I thought it might be helpful to someone out there (!) to compare this project with the similar one produced by Zondervan, A Reader’s Greek New Testament, edited by Goodrich/Lukaszewski and released in 2003 (hereafter ZNT). The similarities between the two are obvious: both provide an extremely practical tool by providing definitions of every word that occurs fewer than thirty times in the Greek NT.
Some of the differences are obvious upon immediately flipping open both texts, and these ultimately show that the UBSRE is more user-friendly than the alternative. First, UBSRE utilizes standard font for the Greek text (with OT quotations italicized), whereas ZNT, like the standard UBS text, has italicized the Greek (with OT quotations in bold; the 2007 2d edition does, however have non-italicized font). Second, the lexical aid that takes up the bottom half of the page in both volumes is easier on the eyes in UBSRE, since while ZNT provides a running list in unbroken paragraph form—making location of the desired definition needlessly difficult—UBSRE simply provides two vertical columns on each page, making rapid scanning between the Greek text and lexical definitions as painless and as speedy as possible. Third, UBSRE parses all verbal forms and provides meanings of particularly unusual phrases. This strength is somewhat mitigated in that ZNT provides numerous translational options for each word, whereas UBSRE provides only one option, though contextual factors have been allowed to inform these choices. Fourth, the nice big margins of UBSRE provide plenty of room for note-jotters. Fifth, the text used by UBSRE will be preferred by most students to that of ZNT—the Greek text used for the latter is the eclectic textual tradition that stands behind the New International Version. Also, like the standard UBS, maps are included for reference at the very back of the text.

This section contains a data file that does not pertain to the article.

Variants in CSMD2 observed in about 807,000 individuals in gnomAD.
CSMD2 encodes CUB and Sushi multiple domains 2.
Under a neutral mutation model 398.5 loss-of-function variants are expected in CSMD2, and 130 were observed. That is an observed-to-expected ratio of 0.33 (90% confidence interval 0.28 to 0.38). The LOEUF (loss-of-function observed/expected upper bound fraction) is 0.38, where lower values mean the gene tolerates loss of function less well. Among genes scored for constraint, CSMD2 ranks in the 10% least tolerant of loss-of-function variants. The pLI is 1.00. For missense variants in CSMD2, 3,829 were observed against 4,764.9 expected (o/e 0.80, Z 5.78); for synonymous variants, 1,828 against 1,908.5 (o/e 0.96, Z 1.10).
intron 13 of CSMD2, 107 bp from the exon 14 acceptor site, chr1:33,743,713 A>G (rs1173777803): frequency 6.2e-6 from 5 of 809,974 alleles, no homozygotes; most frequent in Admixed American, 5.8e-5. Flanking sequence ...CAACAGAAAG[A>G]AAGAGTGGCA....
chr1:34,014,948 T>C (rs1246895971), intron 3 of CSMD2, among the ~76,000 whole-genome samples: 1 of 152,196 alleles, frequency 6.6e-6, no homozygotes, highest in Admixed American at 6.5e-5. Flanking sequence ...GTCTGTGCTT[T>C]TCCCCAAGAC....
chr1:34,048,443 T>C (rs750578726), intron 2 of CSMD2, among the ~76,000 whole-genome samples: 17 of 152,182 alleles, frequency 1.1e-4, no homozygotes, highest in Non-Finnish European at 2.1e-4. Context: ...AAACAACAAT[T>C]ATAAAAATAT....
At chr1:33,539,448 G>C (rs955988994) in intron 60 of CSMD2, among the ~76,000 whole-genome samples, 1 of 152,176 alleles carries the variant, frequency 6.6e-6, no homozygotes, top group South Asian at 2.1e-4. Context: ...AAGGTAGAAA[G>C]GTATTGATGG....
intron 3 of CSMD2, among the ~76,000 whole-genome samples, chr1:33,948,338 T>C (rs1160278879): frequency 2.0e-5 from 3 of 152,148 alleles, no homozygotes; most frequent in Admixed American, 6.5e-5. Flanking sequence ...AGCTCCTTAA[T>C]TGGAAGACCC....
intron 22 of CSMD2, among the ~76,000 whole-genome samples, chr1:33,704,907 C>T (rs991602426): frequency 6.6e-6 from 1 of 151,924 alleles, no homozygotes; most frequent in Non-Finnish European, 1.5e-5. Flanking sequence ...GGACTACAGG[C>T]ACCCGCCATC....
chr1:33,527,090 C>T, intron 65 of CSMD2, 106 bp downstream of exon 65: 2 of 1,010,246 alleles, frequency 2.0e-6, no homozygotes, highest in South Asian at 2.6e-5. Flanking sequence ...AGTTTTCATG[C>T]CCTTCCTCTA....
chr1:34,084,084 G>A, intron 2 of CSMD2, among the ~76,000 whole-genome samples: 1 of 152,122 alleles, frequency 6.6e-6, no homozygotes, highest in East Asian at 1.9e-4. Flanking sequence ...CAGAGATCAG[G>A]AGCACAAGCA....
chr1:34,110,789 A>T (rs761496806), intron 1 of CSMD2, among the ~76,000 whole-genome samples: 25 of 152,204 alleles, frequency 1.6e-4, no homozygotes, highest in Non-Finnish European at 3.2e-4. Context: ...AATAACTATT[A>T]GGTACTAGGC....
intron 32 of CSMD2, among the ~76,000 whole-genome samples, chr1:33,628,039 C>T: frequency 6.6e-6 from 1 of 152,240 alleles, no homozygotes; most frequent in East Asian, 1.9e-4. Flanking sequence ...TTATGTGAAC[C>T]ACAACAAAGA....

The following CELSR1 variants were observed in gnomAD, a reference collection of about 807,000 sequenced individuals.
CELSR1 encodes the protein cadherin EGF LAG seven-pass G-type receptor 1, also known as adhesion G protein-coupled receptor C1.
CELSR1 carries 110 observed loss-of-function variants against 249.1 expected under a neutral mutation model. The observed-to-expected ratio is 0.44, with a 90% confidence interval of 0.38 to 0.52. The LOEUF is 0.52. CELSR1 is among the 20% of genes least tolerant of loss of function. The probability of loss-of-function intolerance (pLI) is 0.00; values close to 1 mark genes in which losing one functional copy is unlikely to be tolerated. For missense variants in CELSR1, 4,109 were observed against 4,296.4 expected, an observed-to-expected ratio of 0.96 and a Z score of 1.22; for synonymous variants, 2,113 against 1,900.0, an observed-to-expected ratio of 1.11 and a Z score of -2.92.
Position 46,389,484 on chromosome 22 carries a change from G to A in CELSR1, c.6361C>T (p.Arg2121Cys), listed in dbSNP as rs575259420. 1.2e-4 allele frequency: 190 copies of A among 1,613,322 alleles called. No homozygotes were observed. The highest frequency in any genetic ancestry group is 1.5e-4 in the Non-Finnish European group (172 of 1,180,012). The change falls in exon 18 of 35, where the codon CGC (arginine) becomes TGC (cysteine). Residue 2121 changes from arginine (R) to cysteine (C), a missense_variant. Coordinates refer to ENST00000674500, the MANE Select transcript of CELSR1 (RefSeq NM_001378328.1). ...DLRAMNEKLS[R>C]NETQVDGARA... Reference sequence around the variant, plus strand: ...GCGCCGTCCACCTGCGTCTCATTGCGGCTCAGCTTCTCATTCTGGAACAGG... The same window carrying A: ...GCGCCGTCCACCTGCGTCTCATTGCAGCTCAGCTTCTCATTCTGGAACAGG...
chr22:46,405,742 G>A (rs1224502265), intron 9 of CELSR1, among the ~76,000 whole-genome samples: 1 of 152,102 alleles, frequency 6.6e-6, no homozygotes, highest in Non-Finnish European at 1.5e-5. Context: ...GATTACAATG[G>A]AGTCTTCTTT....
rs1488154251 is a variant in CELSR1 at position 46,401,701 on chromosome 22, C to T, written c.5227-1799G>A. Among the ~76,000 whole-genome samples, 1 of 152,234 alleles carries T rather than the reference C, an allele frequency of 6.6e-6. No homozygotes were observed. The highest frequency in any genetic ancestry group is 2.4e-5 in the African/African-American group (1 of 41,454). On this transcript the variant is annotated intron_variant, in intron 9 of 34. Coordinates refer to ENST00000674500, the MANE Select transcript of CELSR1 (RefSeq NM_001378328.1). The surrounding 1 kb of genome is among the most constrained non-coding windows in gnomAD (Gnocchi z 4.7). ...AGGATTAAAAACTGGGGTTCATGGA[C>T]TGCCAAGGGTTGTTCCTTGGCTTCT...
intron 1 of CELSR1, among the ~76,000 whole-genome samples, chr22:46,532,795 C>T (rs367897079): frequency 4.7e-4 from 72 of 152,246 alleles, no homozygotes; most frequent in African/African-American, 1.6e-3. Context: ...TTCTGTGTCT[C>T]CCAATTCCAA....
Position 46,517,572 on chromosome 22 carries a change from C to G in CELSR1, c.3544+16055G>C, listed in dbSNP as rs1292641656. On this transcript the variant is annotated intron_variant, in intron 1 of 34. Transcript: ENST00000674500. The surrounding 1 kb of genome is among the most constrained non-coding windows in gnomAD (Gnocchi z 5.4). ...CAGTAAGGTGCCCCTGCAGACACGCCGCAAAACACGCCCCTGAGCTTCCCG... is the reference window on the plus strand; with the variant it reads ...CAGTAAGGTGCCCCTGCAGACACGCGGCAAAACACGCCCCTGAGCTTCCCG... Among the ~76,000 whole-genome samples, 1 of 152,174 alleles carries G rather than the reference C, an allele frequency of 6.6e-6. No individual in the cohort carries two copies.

UBSRE is not, however, without its weaknesses. First, the lexical aid prohibits the possibility for any kind of textual apparatus—though this is true also of ZNT, and for the level of student/pastor at which these kinds of tools are targeted, the apparatus is not crucial. Second, unlike ZNT, UBSRE has oddly elected not to provide the references for OT citations. That was a surprise to me and is a bit frustrating. Third, the decision to make the definitions on the bottom of each page easier on the eye has caused UBSRE to run much longer than desirable, making it as least twice the size and weight of the slim ZNT.
For academic and research purposes, either NA27 or UBS4 retain their rightful place of preeminence. And ZNT may be preferred if size is an issue—say, for the pastor wishing to take his NT on the go (though even here it is difficult to see the more convenient size of ZNT making up for the annoying italic font). But for personal reading and for increasing facility with the language, whether by college and seminary students or by pastors wishing to rekindle their skills in the original text of the NT, UBSRE is a tremendous tool. I had been using ZNT for the past few years until recently acquiring UBSRE, and I will not go back. At the end of the day, though, I am grateful for all the tools mentioned above. They encourage students to stick with their aspirations to master the Greek of the New Testament. For this and for the increased knowledge of and love for God’s holy Word that it will breed, we may be thankful to Newman and others.
See another review/comparison here.